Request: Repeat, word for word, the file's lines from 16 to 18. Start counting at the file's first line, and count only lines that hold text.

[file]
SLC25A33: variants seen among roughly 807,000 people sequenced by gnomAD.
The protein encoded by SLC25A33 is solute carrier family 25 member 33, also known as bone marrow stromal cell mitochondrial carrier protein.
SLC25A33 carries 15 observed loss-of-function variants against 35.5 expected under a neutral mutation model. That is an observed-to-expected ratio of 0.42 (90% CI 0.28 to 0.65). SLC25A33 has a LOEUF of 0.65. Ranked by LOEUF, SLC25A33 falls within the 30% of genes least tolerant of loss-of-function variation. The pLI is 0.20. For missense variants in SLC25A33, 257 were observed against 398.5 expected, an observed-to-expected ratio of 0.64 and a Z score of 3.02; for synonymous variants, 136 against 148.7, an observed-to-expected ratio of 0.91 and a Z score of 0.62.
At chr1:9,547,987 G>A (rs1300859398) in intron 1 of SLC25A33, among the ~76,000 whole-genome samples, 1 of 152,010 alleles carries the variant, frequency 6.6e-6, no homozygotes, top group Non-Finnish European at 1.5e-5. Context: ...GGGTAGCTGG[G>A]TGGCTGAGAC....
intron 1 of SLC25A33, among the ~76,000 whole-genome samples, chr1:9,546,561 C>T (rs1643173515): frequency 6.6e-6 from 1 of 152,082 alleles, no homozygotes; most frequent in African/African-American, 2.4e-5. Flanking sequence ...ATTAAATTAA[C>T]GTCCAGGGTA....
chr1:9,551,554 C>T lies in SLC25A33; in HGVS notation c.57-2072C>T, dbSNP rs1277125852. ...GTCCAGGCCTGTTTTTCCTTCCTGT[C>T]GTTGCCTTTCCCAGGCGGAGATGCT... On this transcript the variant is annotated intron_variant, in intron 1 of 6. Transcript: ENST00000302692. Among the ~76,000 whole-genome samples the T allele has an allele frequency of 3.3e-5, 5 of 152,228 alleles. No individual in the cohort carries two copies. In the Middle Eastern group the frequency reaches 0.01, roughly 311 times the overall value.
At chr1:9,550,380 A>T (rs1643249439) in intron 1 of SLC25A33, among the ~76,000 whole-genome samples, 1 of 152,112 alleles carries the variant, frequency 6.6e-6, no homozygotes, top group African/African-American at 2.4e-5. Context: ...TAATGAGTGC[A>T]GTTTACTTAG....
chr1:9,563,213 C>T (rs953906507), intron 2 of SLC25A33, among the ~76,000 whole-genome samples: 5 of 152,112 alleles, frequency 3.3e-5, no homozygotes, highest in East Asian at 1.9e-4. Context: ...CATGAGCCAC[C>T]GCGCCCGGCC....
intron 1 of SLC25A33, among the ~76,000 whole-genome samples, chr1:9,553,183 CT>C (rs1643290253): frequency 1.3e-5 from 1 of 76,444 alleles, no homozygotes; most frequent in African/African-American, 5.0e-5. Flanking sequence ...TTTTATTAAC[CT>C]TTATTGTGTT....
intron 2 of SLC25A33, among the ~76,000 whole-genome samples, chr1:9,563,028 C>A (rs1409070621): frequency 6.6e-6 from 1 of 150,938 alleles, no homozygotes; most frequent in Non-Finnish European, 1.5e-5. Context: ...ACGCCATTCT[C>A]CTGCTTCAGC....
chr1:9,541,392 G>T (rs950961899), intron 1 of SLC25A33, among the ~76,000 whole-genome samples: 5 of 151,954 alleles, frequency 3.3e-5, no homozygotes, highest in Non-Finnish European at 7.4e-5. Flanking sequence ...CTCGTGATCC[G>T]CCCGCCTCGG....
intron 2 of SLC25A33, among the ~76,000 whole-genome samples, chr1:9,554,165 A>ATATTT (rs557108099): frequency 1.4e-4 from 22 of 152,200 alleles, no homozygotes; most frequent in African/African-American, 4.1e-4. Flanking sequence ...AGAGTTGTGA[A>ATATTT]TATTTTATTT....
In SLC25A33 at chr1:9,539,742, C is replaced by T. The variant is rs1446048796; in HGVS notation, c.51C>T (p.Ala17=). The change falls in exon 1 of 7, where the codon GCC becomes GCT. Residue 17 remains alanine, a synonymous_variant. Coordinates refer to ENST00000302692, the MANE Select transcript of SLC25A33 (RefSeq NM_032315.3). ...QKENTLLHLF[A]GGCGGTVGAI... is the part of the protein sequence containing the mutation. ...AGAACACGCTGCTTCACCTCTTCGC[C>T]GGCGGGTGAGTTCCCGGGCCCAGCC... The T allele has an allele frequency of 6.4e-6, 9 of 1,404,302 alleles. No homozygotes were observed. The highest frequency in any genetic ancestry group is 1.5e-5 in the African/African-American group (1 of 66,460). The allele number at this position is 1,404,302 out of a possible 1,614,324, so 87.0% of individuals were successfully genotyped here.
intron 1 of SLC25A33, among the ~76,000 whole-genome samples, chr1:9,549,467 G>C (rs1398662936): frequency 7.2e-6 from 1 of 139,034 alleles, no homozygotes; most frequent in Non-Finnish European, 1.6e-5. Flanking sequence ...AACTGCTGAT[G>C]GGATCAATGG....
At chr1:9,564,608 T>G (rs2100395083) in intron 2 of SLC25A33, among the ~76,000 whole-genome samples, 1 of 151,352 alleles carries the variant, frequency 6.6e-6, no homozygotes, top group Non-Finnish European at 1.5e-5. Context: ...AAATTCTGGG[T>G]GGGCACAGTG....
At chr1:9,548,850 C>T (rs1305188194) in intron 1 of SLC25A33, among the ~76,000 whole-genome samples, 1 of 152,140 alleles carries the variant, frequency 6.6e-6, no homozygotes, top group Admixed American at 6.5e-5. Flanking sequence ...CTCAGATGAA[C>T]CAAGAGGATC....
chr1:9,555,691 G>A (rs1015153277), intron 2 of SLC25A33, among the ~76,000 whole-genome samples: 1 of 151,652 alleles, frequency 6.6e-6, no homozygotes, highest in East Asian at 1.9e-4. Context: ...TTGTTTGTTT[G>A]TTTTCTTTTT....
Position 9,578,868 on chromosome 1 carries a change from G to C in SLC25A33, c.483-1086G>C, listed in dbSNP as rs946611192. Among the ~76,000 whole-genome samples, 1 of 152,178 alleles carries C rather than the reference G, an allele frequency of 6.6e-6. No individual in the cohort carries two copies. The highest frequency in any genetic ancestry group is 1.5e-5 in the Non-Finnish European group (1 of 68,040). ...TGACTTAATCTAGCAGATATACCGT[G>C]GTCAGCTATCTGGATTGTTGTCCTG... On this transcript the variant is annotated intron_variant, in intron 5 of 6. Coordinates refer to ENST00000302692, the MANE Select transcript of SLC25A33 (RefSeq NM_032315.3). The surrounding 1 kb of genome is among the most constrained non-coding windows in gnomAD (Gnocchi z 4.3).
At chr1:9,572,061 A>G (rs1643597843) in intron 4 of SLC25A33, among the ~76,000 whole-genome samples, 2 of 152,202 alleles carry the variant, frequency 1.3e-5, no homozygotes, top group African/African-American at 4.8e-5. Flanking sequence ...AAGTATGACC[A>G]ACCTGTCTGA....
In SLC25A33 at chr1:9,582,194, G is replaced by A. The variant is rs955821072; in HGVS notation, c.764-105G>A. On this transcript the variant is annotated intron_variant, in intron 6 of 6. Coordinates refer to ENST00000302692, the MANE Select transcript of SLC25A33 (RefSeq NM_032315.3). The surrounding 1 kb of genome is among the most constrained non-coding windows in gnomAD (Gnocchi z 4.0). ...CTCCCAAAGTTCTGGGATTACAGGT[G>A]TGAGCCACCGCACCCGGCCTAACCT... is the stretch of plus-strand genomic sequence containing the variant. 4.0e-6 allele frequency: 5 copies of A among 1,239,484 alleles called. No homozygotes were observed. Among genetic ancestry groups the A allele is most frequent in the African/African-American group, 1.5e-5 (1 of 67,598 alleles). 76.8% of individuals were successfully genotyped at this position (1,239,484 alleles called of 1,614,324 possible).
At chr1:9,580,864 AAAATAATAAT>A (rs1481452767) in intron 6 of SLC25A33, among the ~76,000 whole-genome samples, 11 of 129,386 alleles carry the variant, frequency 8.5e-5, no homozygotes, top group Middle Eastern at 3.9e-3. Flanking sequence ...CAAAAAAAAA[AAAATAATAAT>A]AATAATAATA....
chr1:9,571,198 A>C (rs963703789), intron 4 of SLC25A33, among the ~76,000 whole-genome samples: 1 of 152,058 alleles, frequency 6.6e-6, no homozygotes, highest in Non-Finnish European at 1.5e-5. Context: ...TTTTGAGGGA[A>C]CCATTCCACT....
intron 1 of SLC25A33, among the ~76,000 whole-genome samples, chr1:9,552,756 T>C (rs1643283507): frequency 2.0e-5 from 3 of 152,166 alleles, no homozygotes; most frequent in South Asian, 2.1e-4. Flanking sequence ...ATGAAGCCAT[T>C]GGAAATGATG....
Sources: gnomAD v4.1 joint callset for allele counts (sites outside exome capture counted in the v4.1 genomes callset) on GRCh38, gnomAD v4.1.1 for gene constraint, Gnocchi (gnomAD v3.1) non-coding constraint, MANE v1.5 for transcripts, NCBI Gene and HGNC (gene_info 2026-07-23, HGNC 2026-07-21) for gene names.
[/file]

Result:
At chr1:9,548,850 C>T (rs1305188194) in intron 1 of SLC25A33, among the ~76,000 whole-genome samples, 1 of 152,140 alleles carries the variant, frequency 6.6e-6, no homozygotes, top group Admixed American at 6.5e-5. Flanking sequence ...CTCAGATGAA[C>T]CAAGAGGATC....
chr1:9,555,691 G>A (rs1015153277), intron 2 of SLC25A33, among the ~76,000 whole-genome samples: 1 of 151,652 alleles, frequency 6.6e-6, no homozygotes, highest in East Asian at 1.9e-4. Context: ...TTGTTTGTTT[G>A]TTTTCTTTTT....
Position 9,578,868 on chromosome 1 carries a change from G to C in SLC25A33, c.483-1086G>C, listed in dbSNP as rs946611192. Among the ~76,000 whole-genome samples, 1 of 152,178 alleles carries C rather than the reference G, an allele frequency of 6.6e-6. No individual in the cohort carries two copies. The highest frequency in any genetic ancestry group is 1.5e-5 in the Non-Finnish European group (1 of 68,040). ...TGACTTAATCTAGCAGATATACCGT[G>C]GTCAGCTATCTGGATTGTTGTCCTG... On this transcript the variant is annotated intron_variant, in intron 5 of 6. Coordinates refer to ENST00000302692, the MANE Select transcript of SLC25A33 (RefSeq NM_032315.3). The surrounding 1 kb of genome is among the most constrained non-coding windows in gnomAD (Gnocchi z 4.3).